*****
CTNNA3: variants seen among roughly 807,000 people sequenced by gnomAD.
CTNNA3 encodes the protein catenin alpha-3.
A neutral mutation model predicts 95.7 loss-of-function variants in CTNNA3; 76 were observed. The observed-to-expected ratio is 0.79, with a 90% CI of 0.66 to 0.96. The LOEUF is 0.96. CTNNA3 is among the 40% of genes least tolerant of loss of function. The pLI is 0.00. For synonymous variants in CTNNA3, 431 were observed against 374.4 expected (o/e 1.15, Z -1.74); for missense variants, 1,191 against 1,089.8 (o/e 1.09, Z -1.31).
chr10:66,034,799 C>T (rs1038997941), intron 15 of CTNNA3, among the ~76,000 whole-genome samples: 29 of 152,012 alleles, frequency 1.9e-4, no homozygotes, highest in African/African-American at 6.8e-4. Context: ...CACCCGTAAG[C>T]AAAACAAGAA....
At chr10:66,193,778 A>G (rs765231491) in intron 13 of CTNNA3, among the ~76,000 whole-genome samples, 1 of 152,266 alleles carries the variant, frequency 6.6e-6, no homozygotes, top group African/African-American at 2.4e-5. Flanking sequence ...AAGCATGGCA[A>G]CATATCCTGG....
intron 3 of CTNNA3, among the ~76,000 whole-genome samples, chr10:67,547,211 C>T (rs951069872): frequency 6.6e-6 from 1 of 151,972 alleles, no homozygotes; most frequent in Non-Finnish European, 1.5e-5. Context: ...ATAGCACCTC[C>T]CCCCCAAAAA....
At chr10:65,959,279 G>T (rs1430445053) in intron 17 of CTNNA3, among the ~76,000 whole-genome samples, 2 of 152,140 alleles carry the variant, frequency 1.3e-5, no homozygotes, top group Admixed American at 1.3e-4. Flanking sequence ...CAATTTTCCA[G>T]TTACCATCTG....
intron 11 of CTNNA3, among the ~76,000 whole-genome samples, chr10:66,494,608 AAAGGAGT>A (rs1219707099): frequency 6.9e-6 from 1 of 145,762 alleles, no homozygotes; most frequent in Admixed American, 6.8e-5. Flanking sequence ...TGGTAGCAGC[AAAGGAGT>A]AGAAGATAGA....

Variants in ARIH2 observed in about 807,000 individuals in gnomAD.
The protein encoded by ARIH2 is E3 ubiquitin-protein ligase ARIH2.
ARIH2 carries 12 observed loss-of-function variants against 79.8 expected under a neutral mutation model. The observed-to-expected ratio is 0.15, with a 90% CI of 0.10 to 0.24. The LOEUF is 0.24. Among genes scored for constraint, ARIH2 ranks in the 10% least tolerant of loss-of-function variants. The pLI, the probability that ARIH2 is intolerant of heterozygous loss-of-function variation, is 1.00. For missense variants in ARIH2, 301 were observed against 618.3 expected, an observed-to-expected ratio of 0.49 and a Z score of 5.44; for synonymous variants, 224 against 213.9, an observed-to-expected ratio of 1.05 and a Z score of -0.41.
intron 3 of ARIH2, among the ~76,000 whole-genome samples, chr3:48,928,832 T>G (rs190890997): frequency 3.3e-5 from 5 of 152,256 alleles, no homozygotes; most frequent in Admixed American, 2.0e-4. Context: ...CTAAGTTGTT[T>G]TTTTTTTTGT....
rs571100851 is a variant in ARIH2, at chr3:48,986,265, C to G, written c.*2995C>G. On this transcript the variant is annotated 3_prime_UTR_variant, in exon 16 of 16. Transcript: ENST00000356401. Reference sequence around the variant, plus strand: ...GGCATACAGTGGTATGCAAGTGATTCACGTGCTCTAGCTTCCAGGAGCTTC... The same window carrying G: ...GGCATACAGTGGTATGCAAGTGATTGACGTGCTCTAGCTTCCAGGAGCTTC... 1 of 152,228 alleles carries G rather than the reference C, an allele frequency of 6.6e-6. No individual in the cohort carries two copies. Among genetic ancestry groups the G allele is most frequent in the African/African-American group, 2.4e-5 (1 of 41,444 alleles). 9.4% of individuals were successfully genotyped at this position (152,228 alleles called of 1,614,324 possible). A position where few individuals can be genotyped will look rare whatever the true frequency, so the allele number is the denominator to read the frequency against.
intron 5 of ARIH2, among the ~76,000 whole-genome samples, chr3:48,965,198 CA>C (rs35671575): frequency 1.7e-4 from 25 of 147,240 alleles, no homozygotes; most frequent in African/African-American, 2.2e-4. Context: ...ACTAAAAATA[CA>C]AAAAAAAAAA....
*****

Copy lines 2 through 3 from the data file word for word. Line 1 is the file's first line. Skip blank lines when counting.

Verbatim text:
CTNNA3 encodes the protein catenin alpha-3.
A neutral mutation model predicts 95.7 loss-of-function variants in CTNNA3; 76 were observed. The observed-to-expected ratio is 0.79, with a 90% CI of 0.66 to 0.96. The LOEUF is 0.96. CTNNA3 is among the 40% of genes least tolerant of loss of function. The pLI is 0.00. For synonymous variants in CTNNA3, 431 were observed against 374.4 expected (o/e 1.15, Z -1.74); for missense variants, 1,191 against 1,089.8 (o/e 1.09, Z -1.31).